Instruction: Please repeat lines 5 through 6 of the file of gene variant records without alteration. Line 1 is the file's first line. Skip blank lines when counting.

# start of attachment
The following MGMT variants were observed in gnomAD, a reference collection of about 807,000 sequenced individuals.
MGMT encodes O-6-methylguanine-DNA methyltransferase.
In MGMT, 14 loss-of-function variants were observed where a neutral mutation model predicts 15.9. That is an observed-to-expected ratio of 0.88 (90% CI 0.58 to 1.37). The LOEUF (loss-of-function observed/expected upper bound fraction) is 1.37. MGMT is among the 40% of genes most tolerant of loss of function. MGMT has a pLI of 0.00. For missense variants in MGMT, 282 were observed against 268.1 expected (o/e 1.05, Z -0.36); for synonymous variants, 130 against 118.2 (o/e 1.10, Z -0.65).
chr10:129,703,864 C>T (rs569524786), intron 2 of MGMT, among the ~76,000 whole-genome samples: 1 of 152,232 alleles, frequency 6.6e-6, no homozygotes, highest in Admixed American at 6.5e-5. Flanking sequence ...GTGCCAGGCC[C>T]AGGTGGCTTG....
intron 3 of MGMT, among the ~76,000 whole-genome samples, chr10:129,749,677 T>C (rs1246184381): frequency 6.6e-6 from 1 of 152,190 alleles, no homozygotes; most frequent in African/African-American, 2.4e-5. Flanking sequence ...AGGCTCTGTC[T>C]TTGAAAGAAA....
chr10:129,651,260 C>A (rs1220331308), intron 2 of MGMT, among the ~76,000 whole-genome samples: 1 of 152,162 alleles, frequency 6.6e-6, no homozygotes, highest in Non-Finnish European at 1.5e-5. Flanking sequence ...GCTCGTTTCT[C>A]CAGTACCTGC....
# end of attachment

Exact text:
intron 3 of MGMT, among the ~76,000 whole-genome samples, chr10:129,749,677 T>C (rs1246184381): frequency 6.6e-6 from 1 of 152,190 alleles, no homozygotes; most frequent in African/African-American, 2.4e-5. Flanking sequence ...AGGCTCTGTC[T>C]TTGAAAGAAA....
chr10:129,651,260 C>A (rs1220331308), intron 2 of MGMT, among the ~76,000 whole-genome samples: 1 of 152,162 alleles, frequency 6.6e-6, no homozygotes, highest in Non-Finnish European at 1.5e-5. Flanking sequence ...GCTCGTTTCT[C>A]CAGTACCTGC....